One important aspect is that power of the king was embodied in Lower and Upper Nubia by the viceroy of Kush and his deputies. This can be nicely illustrated by finds from Sai Island, as I tried to show at the last Königsideologietagung in Prague. At Budapest, I will present new discoveries by AcrossBorders attesting to two well-known high officials:  viceroy Nehi under the reign of Thutmose III and deputy of Kush Hornakht under Ramesses II.

SAV1E 2326 (thumbnail)Among the numerous clay sealings from feature 15, there is also one piece (SAV1E 2326), which gives the name and a specific title for Nehi.

Hornakht was already well attested from several door jambs and lintels found at Sai and Abri – but recent work in cemetery SAC5 allows reconstructing the pyramid tomb of this deputy of Kush from the 19th Dynasty on Sai.

Budka_Budapest HornakhtAll in all, I will propose some new thoughts on the perception of the power of Egyptian kingship in New Kingdom Nubia – looking much forward to feedback and discussions and of course to all of the other papers at the Königstagung in Budapest!

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The 10th ICAANE in Vienna

The 10th International Congress on the Archaeology of the Ancient Near East held at the Austrian Academy of Sciences in Vienna was officially opened today! A large variety of lectures, workshops and papers all dedicated to various aspects of archaeology in the Near East will keep us busy in the next days.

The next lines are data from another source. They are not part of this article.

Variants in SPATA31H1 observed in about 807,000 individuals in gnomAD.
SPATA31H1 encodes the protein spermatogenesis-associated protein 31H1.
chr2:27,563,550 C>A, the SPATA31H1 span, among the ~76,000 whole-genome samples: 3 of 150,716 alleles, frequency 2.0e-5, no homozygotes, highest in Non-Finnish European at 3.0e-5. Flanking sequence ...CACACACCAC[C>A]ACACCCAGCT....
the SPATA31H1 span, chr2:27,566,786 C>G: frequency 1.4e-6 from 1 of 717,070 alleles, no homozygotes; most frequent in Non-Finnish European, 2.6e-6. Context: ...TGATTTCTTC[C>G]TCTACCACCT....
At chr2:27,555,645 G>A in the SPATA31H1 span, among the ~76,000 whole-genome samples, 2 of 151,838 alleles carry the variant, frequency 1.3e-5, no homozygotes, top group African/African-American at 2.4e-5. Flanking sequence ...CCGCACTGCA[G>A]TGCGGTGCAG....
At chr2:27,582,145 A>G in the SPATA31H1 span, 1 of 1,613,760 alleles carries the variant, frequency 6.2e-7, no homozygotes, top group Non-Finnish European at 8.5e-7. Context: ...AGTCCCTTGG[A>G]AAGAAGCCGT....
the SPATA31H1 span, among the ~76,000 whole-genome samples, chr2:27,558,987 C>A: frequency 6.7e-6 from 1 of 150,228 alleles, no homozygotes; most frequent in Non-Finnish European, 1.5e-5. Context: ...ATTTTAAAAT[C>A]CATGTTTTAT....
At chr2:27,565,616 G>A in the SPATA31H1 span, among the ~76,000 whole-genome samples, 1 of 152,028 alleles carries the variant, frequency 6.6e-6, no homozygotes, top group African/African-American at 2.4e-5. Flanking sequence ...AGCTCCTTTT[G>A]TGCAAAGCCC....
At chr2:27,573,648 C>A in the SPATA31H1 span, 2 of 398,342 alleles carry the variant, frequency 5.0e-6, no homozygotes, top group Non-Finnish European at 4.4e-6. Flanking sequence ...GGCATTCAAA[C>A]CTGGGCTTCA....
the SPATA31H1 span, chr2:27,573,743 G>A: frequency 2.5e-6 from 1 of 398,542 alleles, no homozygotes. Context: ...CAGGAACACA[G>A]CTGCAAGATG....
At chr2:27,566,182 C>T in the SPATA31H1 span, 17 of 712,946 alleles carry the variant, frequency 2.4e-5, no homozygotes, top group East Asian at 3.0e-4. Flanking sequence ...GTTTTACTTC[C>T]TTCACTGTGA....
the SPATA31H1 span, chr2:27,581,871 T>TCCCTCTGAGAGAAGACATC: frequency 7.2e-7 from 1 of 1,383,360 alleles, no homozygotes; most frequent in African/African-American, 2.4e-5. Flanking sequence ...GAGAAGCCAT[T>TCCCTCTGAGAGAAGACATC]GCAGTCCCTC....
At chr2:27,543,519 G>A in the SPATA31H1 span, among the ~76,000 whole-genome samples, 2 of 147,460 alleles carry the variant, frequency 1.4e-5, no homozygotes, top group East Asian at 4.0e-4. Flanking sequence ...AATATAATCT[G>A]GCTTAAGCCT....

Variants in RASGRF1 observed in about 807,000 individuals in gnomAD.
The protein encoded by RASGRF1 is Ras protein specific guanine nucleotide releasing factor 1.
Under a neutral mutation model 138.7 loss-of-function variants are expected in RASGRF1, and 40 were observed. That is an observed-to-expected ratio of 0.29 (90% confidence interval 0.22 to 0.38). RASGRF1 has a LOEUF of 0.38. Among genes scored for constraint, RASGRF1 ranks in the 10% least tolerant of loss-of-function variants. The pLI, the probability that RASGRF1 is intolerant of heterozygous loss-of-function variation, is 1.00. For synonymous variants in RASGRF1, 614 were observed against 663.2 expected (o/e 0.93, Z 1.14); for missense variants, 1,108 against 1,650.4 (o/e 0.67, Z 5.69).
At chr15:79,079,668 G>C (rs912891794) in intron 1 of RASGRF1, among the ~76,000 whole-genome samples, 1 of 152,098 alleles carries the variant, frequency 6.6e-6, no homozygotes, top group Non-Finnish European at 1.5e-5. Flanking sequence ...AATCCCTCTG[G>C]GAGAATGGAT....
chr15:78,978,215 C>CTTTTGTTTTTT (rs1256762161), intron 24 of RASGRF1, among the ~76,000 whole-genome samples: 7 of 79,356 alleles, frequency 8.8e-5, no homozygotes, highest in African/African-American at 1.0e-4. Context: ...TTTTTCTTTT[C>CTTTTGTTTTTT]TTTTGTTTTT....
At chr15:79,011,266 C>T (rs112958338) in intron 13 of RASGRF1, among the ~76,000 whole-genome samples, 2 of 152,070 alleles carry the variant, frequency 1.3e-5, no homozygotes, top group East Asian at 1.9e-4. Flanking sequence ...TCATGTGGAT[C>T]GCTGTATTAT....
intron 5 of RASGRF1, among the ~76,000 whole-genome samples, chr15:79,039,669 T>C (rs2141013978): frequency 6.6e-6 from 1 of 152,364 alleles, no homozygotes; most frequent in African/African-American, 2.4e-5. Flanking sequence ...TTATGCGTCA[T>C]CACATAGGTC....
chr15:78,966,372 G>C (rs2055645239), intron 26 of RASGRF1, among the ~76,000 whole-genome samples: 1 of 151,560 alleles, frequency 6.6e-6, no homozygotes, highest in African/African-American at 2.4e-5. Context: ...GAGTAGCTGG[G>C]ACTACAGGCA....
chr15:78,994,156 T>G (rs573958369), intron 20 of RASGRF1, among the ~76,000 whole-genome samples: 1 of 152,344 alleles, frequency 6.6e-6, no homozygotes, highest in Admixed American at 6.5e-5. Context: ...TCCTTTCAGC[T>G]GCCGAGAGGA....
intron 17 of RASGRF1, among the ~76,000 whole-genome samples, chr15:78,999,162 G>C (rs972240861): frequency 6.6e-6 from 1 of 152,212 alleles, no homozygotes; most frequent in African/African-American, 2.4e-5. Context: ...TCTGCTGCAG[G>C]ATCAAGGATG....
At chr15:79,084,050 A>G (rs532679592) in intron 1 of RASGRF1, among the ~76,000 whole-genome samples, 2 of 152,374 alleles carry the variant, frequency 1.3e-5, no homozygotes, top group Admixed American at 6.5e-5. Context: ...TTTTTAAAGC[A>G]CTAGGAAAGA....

Highlights will be, among others, a kick-off workshop of the ERC Advanced Grant by Manfred Bietak, “The Hyksos Enigma” and keynote lectures on the current status of archaeological research in the Near East considering the present political situation and respective challenges, especially the preservation of cultural heritage.

Budka ICAANE titleMy own paper is part of the section 4 “Landscapes & Settlement Patterns”. I will talk about “The urban landscape of Upper Nubia (Northern Sudan) in the Second Millennium BCE”. Based on the fresh data from AcrossBorders’ ongoing excavations on Sai Island, this paper presents the current state of knowledge regarding the evolution of the pharaonic town on Sai and its role in the urban landscape of New Kingdom Kush. The question whether Upper Nubian sites contribute to our understanding of Egyptian urbanism in general will be addressed as well.